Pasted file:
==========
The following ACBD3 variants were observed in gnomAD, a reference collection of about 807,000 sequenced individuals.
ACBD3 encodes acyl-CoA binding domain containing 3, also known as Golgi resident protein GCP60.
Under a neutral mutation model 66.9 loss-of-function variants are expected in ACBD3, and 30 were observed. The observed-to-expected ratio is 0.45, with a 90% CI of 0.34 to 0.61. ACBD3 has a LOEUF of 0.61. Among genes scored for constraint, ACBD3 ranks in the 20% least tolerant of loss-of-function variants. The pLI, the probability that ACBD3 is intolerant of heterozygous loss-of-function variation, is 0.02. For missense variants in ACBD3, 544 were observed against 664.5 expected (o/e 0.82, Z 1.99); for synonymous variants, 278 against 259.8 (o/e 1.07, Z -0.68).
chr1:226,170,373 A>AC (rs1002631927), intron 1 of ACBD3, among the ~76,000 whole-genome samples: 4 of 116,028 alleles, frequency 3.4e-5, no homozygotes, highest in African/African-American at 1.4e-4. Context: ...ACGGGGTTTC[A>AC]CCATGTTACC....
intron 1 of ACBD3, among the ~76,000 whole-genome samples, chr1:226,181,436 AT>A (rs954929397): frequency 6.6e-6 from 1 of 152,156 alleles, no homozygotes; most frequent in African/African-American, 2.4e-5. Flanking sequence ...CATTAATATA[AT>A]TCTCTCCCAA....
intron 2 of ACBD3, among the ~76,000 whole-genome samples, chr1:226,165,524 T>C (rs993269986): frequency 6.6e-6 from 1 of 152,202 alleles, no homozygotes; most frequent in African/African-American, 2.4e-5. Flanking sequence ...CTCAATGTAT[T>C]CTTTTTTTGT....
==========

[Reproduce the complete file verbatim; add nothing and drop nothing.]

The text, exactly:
The following ACBD3 variants were observed in gnomAD, a reference collection of about 807,000 sequenced individuals.
ACBD3 encodes acyl-CoA binding domain containing 3, also known as Golgi resident protein GCP60.
Under a neutral mutation model 66.9 loss-of-function variants are expected in ACBD3, and 30 were observed. The observed-to-expected ratio is 0.45, with a 90% CI of 0.34 to 0.61. ACBD3 has a LOEUF of 0.61. Among genes scored for constraint, ACBD3 ranks in the 20% least tolerant of loss-of-function variants. The pLI, the probability that ACBD3 is intolerant of heterozygous loss-of-function variation, is 0.02. For missense variants in ACBD3, 544 were observed against 664.5 expected (o/e 0.82, Z 1.99); for synonymous variants, 278 against 259.8 (o/e 1.07, Z -0.68).
chr1:226,170,373 A>AC (rs1002631927), intron 1 of ACBD3, among the ~76,000 whole-genome samples: 4 of 116,028 alleles, frequency 3.4e-5, no homozygotes, highest in African/African-American at 1.4e-4. Context: ...ACGGGGTTTC[A>AC]CCATGTTACC....
intron 1 of ACBD3, among the ~76,000 whole-genome samples, chr1:226,181,436 AT>A (rs954929397): frequency 6.6e-6 from 1 of 152,156 alleles, no homozygotes; most frequent in African/African-American, 2.4e-5. Flanking sequence ...CATTAATATA[AT>A]TCTCTCCCAA....
intron 2 of ACBD3, among the ~76,000 whole-genome samples, chr1:226,165,524 T>C (rs993269986): frequency 6.6e-6 from 1 of 152,202 alleles, no homozygotes; most frequent in African/African-American, 2.4e-5. Flanking sequence ...CTCAATGTAT[T>C]CTTTTTTTGT....